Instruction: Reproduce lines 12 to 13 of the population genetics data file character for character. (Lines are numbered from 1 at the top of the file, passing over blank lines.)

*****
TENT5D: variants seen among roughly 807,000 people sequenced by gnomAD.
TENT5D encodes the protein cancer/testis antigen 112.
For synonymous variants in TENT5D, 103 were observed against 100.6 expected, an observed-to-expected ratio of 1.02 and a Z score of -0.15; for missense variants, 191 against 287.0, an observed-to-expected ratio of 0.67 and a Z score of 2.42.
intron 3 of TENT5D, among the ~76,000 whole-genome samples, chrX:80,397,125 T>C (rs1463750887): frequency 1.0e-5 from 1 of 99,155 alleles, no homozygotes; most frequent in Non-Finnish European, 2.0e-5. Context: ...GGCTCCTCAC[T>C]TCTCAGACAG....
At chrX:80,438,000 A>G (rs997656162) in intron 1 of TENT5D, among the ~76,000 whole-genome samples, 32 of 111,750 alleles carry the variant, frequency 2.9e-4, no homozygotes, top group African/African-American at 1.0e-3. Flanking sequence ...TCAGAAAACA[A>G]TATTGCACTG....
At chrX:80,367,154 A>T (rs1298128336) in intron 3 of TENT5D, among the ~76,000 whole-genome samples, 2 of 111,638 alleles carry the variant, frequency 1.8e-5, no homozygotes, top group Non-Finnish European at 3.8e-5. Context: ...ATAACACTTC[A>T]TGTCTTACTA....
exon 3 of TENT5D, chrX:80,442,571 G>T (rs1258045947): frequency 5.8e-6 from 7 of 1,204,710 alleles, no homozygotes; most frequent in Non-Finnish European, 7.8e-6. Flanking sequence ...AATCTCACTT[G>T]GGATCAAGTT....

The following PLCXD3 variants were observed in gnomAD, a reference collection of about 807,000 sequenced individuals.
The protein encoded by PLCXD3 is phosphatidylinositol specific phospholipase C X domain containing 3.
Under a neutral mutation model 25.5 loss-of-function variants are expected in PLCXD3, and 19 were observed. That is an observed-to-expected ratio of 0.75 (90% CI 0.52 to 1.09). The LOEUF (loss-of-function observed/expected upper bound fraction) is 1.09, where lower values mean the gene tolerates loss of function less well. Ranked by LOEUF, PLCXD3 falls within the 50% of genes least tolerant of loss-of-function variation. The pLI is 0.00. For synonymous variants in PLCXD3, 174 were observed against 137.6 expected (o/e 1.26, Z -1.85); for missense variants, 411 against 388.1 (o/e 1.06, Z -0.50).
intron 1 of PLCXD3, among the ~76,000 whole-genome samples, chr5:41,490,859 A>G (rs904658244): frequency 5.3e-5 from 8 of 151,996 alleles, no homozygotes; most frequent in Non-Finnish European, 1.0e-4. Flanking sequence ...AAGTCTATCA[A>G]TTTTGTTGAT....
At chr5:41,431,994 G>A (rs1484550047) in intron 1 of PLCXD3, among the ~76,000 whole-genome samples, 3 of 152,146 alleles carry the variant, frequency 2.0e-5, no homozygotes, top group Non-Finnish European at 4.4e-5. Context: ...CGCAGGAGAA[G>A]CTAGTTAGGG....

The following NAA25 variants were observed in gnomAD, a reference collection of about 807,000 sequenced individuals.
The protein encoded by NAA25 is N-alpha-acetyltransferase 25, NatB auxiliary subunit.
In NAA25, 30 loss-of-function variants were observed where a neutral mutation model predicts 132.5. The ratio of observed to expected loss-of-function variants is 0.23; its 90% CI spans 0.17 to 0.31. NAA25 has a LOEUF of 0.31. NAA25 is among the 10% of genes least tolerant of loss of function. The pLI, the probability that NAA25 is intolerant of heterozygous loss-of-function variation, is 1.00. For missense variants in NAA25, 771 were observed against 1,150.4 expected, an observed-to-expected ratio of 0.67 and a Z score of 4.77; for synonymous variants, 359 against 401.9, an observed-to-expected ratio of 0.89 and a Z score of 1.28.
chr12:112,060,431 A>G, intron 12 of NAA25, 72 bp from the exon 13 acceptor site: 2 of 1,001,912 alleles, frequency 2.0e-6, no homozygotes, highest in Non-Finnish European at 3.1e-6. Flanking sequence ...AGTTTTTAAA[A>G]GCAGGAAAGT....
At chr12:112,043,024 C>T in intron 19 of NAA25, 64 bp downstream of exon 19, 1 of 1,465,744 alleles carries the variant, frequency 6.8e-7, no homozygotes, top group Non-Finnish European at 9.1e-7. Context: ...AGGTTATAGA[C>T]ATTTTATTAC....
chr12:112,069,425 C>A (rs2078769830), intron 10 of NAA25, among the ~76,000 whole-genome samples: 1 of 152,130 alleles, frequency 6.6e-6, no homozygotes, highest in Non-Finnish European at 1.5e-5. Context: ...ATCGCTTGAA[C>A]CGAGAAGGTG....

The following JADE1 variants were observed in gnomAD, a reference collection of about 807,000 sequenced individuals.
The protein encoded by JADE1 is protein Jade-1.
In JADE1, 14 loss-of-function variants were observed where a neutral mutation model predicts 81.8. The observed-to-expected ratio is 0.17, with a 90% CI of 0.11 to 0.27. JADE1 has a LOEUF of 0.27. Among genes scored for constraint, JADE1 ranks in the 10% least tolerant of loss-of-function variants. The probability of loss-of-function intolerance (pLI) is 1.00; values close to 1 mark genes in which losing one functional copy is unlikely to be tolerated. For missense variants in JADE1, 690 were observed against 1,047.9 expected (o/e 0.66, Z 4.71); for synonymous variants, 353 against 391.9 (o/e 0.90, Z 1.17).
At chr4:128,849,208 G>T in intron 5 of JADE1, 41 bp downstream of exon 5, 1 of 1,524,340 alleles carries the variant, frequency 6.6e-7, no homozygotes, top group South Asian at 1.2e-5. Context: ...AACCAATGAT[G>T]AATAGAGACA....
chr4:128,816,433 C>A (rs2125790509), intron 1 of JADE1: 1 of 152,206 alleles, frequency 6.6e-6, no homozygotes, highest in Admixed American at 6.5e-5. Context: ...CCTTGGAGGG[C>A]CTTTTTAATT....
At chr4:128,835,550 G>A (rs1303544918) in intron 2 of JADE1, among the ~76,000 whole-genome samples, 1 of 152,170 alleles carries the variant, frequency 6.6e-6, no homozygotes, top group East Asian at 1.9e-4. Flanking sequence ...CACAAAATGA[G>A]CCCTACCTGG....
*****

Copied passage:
At chr5:41,431,994 G>A (rs1484550047) in intron 1 of PLCXD3, among the ~76,000 whole-genome samples, 3 of 152,146 alleles carry the variant, frequency 2.0e-5, no homozygotes, top group Non-Finnish European at 4.4e-5. Context: ...CGCAGGAGAA[G>A]CTAGTTAGGG....

The following NAA25 variants were observed in gnomAD, a reference collection of about 807,000 sequenced individuals.